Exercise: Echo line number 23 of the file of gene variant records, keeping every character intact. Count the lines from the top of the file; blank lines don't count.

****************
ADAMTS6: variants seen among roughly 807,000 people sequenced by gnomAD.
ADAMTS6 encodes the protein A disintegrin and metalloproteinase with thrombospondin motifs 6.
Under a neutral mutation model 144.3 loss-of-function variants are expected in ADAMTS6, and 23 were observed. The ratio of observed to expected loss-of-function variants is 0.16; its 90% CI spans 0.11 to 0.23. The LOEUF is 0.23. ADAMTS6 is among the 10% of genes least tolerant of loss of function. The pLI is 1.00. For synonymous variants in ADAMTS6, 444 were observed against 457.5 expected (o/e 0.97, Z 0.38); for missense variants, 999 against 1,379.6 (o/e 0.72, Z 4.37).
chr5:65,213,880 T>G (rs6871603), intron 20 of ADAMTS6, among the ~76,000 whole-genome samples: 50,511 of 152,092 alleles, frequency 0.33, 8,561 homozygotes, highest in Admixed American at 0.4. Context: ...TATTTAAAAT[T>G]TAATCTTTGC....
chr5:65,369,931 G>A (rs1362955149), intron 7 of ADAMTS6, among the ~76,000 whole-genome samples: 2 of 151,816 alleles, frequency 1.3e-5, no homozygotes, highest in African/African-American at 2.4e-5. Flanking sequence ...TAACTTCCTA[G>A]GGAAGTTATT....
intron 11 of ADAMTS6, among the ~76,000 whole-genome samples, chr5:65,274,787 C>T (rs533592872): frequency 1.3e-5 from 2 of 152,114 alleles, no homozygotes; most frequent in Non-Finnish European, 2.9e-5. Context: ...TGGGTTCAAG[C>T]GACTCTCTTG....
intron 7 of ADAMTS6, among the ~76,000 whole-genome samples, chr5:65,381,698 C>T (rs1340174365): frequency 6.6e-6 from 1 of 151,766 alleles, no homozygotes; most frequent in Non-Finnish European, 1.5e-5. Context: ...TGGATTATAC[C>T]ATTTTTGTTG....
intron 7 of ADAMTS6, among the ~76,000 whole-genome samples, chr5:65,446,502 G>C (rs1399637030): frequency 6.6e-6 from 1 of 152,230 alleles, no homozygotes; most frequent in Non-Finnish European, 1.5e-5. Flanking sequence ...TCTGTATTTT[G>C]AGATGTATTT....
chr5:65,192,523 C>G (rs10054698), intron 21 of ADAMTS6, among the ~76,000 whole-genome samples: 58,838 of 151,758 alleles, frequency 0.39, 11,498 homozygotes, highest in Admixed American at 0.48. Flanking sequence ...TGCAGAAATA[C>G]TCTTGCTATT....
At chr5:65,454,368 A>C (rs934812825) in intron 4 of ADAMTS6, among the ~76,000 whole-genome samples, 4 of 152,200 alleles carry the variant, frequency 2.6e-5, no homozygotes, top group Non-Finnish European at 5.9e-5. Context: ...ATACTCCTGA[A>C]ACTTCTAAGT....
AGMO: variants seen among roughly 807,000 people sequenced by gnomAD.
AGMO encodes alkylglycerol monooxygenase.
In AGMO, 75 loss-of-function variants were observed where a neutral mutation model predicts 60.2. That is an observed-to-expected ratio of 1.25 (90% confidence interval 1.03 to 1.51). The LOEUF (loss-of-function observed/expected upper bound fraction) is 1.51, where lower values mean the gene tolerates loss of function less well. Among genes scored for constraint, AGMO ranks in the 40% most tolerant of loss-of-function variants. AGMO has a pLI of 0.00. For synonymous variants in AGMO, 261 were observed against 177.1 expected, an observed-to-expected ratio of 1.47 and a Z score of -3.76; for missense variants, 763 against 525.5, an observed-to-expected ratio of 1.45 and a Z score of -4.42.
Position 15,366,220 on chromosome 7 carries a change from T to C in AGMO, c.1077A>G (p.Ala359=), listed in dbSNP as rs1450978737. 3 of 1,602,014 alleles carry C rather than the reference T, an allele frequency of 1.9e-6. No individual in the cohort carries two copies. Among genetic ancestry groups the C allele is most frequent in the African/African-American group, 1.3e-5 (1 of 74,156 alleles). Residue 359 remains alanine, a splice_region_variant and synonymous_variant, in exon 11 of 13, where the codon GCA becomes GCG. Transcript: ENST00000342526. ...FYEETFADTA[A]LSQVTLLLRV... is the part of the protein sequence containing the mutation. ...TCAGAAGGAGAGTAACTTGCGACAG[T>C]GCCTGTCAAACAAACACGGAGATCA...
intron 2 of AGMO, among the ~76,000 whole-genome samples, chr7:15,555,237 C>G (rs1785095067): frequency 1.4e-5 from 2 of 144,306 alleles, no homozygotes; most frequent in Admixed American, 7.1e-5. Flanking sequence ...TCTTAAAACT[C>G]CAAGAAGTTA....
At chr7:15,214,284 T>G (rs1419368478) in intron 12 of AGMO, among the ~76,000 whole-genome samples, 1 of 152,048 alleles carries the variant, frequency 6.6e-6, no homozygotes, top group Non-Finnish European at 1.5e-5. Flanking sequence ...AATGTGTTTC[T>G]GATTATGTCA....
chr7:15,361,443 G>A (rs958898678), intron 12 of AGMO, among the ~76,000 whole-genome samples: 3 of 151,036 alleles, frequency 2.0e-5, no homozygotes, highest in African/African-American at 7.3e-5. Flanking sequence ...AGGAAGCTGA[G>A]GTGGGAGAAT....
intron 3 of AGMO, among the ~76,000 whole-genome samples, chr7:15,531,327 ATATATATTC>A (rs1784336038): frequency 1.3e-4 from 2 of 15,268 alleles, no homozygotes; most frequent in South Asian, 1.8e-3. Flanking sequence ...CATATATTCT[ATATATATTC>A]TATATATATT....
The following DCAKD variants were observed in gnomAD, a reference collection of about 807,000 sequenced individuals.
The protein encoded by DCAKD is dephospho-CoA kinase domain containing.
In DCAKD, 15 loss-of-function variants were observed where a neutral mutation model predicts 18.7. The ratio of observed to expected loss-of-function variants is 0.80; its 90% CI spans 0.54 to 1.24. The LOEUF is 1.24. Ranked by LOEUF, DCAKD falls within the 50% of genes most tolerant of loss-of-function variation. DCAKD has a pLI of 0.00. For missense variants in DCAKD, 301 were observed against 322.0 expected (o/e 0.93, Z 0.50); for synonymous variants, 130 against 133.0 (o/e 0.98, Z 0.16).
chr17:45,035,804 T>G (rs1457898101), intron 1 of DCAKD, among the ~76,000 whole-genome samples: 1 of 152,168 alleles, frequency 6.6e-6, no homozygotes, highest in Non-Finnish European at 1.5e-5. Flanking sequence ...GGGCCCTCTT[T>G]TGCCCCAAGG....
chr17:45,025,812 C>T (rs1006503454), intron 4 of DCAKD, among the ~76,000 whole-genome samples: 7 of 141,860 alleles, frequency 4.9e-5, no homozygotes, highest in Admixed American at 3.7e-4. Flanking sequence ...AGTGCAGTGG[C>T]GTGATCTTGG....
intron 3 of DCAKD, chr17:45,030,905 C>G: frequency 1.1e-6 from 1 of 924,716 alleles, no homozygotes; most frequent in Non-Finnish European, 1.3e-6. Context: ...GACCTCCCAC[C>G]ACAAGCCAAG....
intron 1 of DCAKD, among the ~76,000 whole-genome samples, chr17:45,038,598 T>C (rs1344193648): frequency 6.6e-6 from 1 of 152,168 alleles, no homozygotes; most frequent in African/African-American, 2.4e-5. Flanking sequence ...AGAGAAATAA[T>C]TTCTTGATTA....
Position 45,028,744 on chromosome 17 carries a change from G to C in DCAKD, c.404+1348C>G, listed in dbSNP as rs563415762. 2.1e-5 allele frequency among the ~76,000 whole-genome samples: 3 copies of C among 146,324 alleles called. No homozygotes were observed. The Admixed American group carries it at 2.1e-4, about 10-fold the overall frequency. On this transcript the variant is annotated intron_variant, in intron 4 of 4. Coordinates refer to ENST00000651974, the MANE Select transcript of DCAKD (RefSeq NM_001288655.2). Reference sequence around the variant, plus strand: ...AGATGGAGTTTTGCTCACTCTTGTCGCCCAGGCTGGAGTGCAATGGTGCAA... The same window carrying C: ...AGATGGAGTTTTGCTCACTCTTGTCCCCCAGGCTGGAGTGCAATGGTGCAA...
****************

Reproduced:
chr17:45,025,812 C>T (rs1006503454), intron 4 of DCAKD, among the ~76,000 whole-genome samples: 7 of 141,860 alleles, frequency 4.9e-5, no homozygotes, highest in Admixed American at 3.7e-4. Flanking sequence ...AGTGCAGTGG[C>T]GTGATCTTGG....